Iron Pot Lighthouse

My wonderful walk from the mouth to the source of the Derwent River seems long past, however from time to time a blog reader refers me to new information.  Thanks Mary for these leads. If you read here and here you will learn more about the history of the Iron Pot Lighthouse.

People who have read my earlier posts will know that I judged the tip of land opposite the Iron Pot to be the ‘mouth’ of the river on the northern/eastern side. I had to walk there from South Arm before my walk along the length of the river from the mouth could start. Here is one of the photos I took of the Iron Pot that day.

20140822_100305.jpg

The Iron Pot enters into the consciousness of many at this time of year.  On Boxing Day the annual Sydney to Hobart international yacht race will get underway.  After the yachts reach Tasmania and have sailed down the east coast, eventually they turn north west into Storm Bay. Not long after, the race organisers will be reporting yachts are in the vicinity of the Iron Pot. I expect the maxi yachts could start rounding the Iron Pot this Friday if they get a dream run.

If you would like to see this rocky outcrop up close without walking, take a Pennicott boat tour from Hobart (https://www.ironpotcruises.com.au/)

 

4 thoughts on “Iron Pot Lighthouse

  1. Canuck Carl

    Thank you for sharing. I also enjoyed reading the history of Iron Pot Lighthouse from the 2 links that you shared. Quite the feat to build the lighthouse on solid rock back in 1832. The home built for the lighthouse keepers was so amazing. Would have been such an amazing life being a lighthouse keeper.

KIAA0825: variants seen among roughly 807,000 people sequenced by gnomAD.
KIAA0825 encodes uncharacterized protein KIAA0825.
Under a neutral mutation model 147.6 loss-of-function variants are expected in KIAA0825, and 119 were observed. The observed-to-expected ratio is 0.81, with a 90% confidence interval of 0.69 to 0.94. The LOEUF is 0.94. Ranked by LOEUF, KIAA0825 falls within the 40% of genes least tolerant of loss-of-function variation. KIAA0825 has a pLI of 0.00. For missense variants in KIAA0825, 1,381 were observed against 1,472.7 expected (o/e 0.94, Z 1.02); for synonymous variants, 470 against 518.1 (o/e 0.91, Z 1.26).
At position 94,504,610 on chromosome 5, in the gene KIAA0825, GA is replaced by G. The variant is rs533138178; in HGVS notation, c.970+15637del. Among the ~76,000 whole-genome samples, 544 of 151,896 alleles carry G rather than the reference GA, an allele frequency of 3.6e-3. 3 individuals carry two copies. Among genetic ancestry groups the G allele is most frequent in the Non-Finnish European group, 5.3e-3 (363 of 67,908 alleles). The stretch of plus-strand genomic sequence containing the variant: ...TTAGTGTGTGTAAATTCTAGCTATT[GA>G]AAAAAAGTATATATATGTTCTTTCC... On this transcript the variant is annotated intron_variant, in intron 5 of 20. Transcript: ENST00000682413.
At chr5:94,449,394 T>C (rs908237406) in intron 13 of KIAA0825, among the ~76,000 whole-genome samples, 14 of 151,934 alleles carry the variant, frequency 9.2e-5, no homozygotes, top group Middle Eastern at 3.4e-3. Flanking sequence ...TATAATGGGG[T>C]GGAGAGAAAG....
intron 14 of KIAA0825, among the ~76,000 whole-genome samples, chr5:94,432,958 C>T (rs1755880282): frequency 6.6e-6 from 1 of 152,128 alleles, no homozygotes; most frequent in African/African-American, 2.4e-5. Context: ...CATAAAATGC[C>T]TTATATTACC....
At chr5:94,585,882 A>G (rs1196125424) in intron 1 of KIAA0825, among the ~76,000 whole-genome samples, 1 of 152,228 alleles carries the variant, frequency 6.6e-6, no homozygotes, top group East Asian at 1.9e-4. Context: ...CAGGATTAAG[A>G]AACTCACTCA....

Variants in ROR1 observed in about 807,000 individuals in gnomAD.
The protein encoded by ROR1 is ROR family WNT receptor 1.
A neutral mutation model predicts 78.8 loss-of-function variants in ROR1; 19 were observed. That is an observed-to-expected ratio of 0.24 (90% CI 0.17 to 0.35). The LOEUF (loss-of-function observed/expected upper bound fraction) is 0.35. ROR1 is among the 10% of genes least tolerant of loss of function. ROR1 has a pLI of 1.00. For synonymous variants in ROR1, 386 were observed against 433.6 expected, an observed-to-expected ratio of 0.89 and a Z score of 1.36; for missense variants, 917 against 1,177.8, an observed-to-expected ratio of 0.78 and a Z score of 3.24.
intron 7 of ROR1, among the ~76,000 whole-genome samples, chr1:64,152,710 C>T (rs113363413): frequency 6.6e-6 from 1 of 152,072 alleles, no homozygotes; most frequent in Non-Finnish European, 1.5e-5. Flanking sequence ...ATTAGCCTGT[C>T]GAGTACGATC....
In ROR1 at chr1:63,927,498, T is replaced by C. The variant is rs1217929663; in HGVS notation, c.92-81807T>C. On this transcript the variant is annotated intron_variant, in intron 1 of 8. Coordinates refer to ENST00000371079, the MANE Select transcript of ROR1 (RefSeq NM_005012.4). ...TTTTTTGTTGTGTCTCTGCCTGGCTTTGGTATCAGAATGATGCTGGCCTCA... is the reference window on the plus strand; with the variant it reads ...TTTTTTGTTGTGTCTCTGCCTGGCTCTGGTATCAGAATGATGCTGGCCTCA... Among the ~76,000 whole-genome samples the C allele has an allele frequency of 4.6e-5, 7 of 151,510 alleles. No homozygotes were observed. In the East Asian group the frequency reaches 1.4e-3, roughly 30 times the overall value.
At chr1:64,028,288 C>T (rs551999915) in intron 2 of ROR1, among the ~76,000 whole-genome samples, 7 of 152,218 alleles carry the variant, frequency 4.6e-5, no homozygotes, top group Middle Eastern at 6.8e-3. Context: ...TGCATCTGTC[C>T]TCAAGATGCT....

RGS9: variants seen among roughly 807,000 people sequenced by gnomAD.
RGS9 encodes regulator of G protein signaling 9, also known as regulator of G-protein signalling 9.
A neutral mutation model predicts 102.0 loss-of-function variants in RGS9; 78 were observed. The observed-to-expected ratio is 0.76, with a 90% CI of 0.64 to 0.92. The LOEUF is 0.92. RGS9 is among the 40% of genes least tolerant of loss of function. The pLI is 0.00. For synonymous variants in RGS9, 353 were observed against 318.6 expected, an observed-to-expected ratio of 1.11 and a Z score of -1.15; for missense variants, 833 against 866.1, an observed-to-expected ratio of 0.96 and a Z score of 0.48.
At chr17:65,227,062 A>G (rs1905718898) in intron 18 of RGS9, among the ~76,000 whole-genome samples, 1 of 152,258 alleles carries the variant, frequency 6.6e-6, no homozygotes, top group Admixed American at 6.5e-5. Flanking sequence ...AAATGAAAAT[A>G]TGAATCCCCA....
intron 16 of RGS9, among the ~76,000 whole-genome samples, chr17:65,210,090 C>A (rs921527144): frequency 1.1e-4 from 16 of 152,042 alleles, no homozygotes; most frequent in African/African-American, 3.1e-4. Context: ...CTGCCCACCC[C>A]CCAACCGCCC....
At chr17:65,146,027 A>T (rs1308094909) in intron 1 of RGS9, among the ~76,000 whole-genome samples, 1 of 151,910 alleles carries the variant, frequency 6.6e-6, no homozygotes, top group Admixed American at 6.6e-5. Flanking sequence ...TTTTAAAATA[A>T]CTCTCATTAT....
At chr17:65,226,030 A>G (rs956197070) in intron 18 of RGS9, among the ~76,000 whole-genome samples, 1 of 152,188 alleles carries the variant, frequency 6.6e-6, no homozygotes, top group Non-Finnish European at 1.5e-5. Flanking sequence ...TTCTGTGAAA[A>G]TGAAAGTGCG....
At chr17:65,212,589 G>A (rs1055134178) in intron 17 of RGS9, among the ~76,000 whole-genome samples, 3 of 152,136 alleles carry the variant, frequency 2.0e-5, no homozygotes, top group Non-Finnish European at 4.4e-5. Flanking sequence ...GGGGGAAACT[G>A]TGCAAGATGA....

Lots of changes I am sure with yacht races instead of merchant ships plying the waters.

    Hope you are well! 🙂

    Like

    Reply
    1. Tasmanian traveller Post author

      For a short while I had a fascination with lighthouse keeping but realised the lack of easy reliable access to the internet would not suit me. Nevertheless the bracing winds and the isolation would suit me. But that’s in this time period. Imagining the experience 200 or more years ago – well it would have been so raw and dangerous then. Cheers, Helen

      Liked by 1 person

      Reply

Leave a Reply to Tasmanian traveller Cancel reply

Fill in your details below or click an icon to log in:

WordPress.com Logo

You are commenting using your WordPress.com account. Log Out /  Change )

Google photo

You are commenting using your Google account. Log Out /  Change )

Twitter picture

You are commenting using your Twitter account. Log Out /  Change )

Facebook photo

You are commenting using your Facebook account. Log Out /  Change )

Connecting to %s